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February 10th, 2020

Part of Some Totality

DELIBERATE ETHOS

"Informality" and globalization

Standard theories of development have been predicated on the goal of an industrialized economy with the potential for full and regularized employment. Such a view necessitates a host of statistical categories to define and measure labor markets. In a 2000 paper, PAUL E. BANGASSER writes an institutional history of the International Labor Organization's (ILO) evolving attempts to understand and quantify the category of the "informal sector"—by now a permanent feature of the global workforce.

From the paper:

"Over the past three decades, the ILO has been both the midwife and the principal international institutional home for the concept of the informal sector. While the phrase 'informal sector' came onto the development scene in 1972, its roots reach back into the economic development efforts of the 1950s and 1960s. With the surprisingly successful rebuilding of Europe and Japan following the Second World War, there seemed no reason why a similar sort of deliberate economy-building effort could not also be applied to the newly emerging countries in the Third World. This technical ethos towards development was especially strong in UN Specialized Agencies like the ILO. It allowed them a measure of protection from Cold War political crossfire without undercutting either their raison d’être nor their universality.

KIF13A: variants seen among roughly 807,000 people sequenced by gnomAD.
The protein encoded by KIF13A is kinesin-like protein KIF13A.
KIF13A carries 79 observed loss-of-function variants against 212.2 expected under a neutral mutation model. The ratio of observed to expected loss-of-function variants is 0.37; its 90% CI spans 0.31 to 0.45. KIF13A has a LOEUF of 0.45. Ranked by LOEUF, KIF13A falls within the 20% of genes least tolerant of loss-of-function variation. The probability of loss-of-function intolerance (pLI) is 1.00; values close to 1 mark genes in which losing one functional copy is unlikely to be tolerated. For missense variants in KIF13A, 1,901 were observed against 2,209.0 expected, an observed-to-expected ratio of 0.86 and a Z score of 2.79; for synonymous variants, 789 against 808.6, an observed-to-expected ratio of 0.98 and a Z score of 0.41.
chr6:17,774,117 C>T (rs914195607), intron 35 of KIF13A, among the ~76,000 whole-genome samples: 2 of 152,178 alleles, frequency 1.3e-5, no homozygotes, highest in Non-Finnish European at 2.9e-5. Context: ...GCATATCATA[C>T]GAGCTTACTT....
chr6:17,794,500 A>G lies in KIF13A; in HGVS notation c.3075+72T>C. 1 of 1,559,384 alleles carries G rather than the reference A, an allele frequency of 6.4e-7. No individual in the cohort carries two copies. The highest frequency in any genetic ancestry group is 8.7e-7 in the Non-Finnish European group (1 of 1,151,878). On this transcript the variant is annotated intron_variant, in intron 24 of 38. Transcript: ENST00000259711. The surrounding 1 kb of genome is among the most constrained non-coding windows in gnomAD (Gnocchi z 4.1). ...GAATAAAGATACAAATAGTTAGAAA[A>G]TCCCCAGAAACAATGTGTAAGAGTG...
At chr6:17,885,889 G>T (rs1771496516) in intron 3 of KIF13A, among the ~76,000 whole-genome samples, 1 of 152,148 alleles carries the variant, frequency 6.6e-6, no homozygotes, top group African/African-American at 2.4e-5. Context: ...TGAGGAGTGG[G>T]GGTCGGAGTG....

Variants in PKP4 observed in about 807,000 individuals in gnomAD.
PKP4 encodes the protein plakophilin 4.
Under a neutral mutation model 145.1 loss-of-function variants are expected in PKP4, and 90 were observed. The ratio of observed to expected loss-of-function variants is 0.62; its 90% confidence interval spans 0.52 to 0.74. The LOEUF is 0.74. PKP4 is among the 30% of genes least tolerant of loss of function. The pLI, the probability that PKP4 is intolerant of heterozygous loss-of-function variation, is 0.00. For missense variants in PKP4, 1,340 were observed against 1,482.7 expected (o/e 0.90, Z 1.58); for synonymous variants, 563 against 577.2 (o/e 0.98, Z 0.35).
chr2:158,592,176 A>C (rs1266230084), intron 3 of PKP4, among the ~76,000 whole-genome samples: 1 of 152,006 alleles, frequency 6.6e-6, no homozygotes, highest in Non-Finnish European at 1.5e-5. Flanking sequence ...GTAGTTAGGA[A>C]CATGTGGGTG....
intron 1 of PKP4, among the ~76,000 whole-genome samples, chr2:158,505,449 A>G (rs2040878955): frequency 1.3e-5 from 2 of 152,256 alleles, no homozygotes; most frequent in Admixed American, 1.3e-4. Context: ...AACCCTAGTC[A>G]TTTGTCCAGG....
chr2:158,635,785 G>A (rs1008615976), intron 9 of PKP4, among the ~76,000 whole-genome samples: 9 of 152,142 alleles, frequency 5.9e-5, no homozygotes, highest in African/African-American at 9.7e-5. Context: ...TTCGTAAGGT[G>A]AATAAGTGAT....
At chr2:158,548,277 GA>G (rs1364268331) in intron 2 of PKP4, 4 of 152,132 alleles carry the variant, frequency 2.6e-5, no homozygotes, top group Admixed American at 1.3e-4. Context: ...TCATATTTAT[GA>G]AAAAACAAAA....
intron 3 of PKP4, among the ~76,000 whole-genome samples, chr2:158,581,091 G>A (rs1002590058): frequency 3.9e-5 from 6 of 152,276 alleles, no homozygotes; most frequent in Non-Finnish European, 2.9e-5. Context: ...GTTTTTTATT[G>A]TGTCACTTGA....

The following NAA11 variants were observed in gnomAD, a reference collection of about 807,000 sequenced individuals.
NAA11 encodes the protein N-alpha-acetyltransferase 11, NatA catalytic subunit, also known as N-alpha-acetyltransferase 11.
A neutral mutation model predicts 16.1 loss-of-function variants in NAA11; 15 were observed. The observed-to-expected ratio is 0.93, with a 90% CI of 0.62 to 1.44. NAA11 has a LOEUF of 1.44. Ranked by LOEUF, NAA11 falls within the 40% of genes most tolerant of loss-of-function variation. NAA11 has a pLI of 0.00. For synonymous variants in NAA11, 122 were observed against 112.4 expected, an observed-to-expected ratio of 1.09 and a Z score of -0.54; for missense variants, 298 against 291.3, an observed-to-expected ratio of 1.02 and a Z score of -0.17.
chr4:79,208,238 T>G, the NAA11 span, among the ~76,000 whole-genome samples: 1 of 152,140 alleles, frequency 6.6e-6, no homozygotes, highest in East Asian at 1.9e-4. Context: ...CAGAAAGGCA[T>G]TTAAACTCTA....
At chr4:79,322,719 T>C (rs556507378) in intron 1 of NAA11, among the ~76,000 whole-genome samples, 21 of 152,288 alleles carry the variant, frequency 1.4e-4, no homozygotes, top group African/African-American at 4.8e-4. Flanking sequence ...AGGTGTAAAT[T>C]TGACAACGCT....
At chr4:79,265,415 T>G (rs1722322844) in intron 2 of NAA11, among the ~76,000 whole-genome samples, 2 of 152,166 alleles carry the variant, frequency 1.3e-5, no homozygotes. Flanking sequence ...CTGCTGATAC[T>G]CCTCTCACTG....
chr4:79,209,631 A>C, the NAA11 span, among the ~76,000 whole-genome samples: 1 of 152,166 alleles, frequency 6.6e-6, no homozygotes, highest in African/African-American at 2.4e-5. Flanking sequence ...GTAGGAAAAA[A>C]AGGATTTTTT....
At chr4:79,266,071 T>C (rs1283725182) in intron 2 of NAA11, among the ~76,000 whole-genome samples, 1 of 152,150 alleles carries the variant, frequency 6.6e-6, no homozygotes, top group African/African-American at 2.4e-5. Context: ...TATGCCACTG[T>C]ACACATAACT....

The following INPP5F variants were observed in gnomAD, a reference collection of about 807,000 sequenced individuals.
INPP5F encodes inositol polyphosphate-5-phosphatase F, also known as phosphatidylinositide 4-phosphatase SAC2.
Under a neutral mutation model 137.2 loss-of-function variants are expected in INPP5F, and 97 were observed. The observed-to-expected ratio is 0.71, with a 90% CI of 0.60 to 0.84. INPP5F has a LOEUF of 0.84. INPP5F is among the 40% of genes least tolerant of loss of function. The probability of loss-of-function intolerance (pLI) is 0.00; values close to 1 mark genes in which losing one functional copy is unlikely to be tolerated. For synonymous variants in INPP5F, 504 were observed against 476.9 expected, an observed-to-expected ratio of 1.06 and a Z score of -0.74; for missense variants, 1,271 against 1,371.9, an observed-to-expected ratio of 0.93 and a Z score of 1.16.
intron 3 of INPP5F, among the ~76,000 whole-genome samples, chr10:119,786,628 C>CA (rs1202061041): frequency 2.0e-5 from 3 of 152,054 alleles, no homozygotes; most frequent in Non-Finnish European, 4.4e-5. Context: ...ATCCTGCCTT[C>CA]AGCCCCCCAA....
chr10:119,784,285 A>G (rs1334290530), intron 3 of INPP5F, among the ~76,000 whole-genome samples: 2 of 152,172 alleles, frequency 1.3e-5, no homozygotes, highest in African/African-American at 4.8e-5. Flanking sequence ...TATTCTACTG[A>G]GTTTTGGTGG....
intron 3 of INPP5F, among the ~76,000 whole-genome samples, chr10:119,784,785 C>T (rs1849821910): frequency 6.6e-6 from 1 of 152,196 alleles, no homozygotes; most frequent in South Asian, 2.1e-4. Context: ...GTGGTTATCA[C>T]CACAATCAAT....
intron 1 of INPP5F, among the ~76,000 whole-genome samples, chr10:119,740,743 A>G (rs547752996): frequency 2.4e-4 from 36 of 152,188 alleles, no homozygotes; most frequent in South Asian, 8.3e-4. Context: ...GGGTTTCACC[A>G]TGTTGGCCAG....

Attention to the informal sector crescendoed in the early 1990s. The 1991 Director General’s Report, The dilemma of the informal sector, notes that 'Contrary to earlier beliefs, the informal sector is not going to disappear spontaneously with economic growth. It is, on the contrary, likely to grow in the years to come, and with it the problems of urban poverty and congestion will also grow.' A growing urbanization is consistent with the developmental expectations of the 1950s and 1960s. However, that this trend towards urbanization would represent a nexus of seemingly unsolvable problems of grinding urban poverty is quite different from that earlier thinking. The upward spiraling dynamics of 'modernization' which were supposed to accompany urbanization, and lead to economic 'takeoff,' didn’t kick in; there wasn’t any trickle-down of any significance, nor should any be expected, at least not within any reasonable time frame. This is an important conclusion, with fundamental implications for the conventional development paradigm."